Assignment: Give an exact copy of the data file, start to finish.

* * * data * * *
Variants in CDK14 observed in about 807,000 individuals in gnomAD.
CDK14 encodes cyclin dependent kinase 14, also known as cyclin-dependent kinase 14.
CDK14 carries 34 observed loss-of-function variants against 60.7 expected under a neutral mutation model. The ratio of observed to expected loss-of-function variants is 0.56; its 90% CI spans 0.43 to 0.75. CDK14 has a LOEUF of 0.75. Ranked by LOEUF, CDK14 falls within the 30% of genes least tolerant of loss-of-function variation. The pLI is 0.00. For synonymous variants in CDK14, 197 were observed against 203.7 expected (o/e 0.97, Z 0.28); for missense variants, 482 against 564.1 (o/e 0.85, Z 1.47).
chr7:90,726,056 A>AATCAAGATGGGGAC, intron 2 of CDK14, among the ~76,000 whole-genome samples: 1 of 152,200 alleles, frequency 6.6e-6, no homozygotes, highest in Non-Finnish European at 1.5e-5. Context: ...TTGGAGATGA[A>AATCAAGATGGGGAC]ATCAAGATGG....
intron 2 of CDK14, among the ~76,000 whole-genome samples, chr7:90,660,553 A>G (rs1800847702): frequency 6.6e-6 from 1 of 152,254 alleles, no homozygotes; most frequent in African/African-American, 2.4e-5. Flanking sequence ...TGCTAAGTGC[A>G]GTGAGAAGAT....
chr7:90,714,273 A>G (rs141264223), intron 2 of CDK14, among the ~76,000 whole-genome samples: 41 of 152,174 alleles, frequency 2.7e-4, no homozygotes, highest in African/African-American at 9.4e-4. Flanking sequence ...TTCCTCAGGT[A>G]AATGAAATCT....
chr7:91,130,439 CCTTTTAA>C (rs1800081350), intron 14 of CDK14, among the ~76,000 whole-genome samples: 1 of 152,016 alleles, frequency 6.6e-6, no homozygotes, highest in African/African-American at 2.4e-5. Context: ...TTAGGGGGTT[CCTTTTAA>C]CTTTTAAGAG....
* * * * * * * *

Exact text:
Variants in CDK14 observed in about 807,000 individuals in gnomAD.
CDK14 encodes cyclin dependent kinase 14, also known as cyclin-dependent kinase 14.
CDK14 carries 34 observed loss-of-function variants against 60.7 expected under a neutral mutation model. The ratio of observed to expected loss-of-function variants is 0.56; its 90% CI spans 0.43 to 0.75. CDK14 has a LOEUF of 0.75. Ranked by LOEUF, CDK14 falls within the 30% of genes least tolerant of loss-of-function variation. The pLI is 0.00. For synonymous variants in CDK14, 197 were observed against 203.7 expected (o/e 0.97, Z 0.28); for missense variants, 482 against 564.1 (o/e 0.85, Z 1.47).
chr7:90,726,056 A>AATCAAGATGGGGAC, intron 2 of CDK14, among the ~76,000 whole-genome samples: 1 of 152,200 alleles, frequency 6.6e-6, no homozygotes, highest in Non-Finnish European at 1.5e-5. Context: ...TTGGAGATGA[A>AATCAAGATGGGGAC]ATCAAGATGG....
intron 2 of CDK14, among the ~76,000 whole-genome samples, chr7:90,660,553 A>G (rs1800847702): frequency 6.6e-6 from 1 of 152,254 alleles, no homozygotes; most frequent in African/African-American, 2.4e-5. Flanking sequence ...TGCTAAGTGC[A>G]GTGAGAAGAT....
chr7:90,714,273 A>G (rs141264223), intron 2 of CDK14, among the ~76,000 whole-genome samples: 41 of 152,174 alleles, frequency 2.7e-4, no homozygotes, highest in African/African-American at 9.4e-4. Flanking sequence ...TTCCTCAGGT[A>G]AATGAAATCT....
chr7:91,130,439 CCTTTTAA>C (rs1800081350), intron 14 of CDK14, among the ~76,000 whole-genome samples: 1 of 152,016 alleles, frequency 6.6e-6, no homozygotes, highest in African/African-American at 2.4e-5. Context: ...TTAGGGGGTT[CCTTTTAA>C]CTTTTAAGAG....